JVIR twitter

Monday, January 27, 2020

Radioembolization-Induced Chronic Hepatotoxicity: A Single-Center Cohort Analysis

Clinical question
What are the delayed effects of transarterial radioembolization on the liver?

Take-away point
13% of patients were noted to have delayed radiation-induced hepatotoxicity with tumor involving more than 50% of the liver and cirrhosis as notable predisposing factors.

Brian M. Currie, et al. Radioembolization-Induced Chronic Hepatotoxicity: A Single-Center Cohort Analysis. Journal of Vascular and Interventional Radiology. Dec, 2019: 30; 12, 1915-1923.

Click here for abstract

Study design

Funding source
Self-funded or unfunded


Table 6. Demographics and Treatment Details: Subset Analysis


Radioembolization-induced liver disease (REILD) is defined as jaundice and/or ascites occurring within the first one or two months and resolving by 6 months following radioembolization in the absence of tumoral progression or biliary obstruction. This study attempted to define criteria that develop outside of this window. The study included all patients status post radioembolization between 2005 and 2014 and survived a year. All malignancies were included with 54% neuroendocrine tumor, 16% hepatocellular carcinoma, and 14% colorectal cancer. Radioembolization procedures were performed with both Sirspheres and Theraspheres.

The authors defined a classification system called radioembolization-induced chronic hepatotoxicity (RECHT) to be clinically distinct from radioembolization induced liver disease (REILD) and radiation induced liver disease (RILD). In RECHT, toxicity occurs 6 months or greater from treatment and must be permanent. Lab criteria included INR, bilirubin, ALT, AST, alkaline phosphatase, albumin, and platelets and were classified from grade 1-4 based on CTCAE classification. Clinical toxicity criteria included hepatic necrosis, hepatic failure (encephalopathy), portal hypertension (varices), ascites, and portal vein thrombosis and were classified grade 3 or 4. The authors defined RECHT as any new and permanent Grade 3 or 4 clinical and laboratory hepatotoxicity that could not be attributed to disease progression or other factors.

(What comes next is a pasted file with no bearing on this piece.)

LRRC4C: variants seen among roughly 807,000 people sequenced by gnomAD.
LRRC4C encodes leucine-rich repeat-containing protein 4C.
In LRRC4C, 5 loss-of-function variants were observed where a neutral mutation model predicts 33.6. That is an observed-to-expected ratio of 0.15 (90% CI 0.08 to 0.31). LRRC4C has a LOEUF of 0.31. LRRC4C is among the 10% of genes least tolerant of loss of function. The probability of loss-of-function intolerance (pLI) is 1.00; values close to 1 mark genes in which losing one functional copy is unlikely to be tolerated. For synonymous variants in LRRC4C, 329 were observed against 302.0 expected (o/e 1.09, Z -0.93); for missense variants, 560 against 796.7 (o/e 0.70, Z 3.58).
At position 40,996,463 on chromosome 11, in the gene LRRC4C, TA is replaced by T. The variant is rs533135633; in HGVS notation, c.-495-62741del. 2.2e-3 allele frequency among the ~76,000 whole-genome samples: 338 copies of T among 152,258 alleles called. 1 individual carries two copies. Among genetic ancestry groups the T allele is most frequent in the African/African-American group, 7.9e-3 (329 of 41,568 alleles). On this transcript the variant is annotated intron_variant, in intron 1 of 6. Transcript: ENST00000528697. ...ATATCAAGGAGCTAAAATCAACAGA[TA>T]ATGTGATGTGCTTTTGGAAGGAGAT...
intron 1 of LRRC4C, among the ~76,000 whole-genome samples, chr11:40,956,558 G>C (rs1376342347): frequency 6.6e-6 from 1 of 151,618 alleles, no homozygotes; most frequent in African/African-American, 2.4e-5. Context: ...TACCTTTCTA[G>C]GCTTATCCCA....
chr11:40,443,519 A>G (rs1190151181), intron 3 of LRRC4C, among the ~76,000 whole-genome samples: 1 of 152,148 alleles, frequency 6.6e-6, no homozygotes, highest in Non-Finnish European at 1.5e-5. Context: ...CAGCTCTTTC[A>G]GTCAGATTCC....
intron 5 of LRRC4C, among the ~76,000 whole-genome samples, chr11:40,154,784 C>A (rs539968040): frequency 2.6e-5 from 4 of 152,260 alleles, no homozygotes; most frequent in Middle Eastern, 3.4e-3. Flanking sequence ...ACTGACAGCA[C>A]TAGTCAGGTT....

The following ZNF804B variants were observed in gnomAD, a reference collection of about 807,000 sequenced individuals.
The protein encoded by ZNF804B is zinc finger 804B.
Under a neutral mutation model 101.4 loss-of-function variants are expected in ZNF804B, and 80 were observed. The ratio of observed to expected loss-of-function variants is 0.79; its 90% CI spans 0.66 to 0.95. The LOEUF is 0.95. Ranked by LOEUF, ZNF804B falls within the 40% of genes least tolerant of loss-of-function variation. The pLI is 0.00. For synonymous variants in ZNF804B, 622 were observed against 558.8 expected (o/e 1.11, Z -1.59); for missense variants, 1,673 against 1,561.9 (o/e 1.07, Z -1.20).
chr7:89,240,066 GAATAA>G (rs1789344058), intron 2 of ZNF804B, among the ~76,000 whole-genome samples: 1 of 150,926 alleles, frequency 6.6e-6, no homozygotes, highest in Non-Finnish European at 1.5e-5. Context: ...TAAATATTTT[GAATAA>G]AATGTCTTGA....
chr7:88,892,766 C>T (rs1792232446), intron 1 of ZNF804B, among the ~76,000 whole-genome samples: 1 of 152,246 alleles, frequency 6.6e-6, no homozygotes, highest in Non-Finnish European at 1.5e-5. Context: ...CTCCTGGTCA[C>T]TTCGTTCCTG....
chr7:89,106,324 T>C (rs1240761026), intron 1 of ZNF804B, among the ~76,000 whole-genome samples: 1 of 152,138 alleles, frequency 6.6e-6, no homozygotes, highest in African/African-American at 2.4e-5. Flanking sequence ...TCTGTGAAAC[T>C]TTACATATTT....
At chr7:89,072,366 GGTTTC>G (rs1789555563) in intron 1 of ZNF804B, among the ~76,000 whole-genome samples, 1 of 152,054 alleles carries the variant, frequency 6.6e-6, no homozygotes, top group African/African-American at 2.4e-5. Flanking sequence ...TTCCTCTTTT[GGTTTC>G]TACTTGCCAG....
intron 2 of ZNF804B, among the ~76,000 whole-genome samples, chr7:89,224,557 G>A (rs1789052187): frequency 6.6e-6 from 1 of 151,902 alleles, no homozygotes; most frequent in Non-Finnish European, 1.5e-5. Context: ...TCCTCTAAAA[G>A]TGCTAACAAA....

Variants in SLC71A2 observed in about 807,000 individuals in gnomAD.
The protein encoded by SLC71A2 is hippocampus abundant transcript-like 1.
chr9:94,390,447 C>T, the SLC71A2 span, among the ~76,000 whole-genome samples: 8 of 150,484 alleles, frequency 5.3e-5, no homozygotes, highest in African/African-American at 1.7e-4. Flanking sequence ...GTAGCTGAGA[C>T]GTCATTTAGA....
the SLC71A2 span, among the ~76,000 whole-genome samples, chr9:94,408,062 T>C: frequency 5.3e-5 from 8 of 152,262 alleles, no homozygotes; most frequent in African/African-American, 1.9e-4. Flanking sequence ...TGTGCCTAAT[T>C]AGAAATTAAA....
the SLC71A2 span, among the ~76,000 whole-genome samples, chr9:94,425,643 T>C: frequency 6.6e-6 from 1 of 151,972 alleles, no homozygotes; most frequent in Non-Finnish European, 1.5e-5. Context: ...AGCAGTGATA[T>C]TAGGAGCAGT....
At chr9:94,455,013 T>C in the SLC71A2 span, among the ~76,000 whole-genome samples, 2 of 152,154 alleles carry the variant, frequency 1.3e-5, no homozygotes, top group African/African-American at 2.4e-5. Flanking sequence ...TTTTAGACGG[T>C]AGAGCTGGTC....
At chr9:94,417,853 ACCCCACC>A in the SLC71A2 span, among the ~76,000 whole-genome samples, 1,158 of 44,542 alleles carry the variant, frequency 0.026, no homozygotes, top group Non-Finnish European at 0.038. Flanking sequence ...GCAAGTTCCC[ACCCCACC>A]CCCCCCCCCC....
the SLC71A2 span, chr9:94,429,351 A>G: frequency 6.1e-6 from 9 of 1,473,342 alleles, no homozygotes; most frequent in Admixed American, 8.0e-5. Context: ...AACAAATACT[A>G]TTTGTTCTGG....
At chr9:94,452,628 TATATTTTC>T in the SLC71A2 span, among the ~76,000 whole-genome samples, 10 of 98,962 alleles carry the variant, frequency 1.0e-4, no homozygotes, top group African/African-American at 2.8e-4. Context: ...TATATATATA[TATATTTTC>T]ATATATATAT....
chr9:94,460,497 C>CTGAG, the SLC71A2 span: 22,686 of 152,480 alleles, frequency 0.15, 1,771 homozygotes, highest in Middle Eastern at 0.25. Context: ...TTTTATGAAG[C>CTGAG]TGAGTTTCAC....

While 50% of patients had chronic hepatotoxicity, only 13% were classified as RECHT. The remaining were excluded due to disease progression, additional therapies complicating the clinical picture, or REILD. 92% of patients with RECHT had clinical complications. 5% of all patients and 36% of patients with RECHT died.

Using univariate and subgroup analysis, tumoral burden (greater than 50%) and cirrhosis were found to be predisposing factors for developing RECHT. Notably, patients who developed RECHT received on average a lower radiation dose. 


A major difficulty with many radioembolization papers is heterogeneity and incomplete dosing information. This paper is no exception with their 98 patients including both glass and resin microspheres, 13 different primary malignancies represented, and a spectrum of laboratory and clinical toxicities were noted to quality for RECHT. That being said, the goal was to create an all encompassing definition for a toxicity that many IRs have experienced but did not fit into the standard definition of REILD, and the authors succeeded. Unsurprisingly, high tumoral burden and background baseline liver disease were noted to be risk factors for RECHT. This also speaks to the view that radioembolization may be better served earlier in a disease process than as salvage therapy.

Post Author:
David M Mauro, MD
Assistant Professor
Department of Radiology, Vascular and Interventional Radiology
University of North Carolina

No comments:

Post a Comment

Note: Only a member of this blog may post a comment.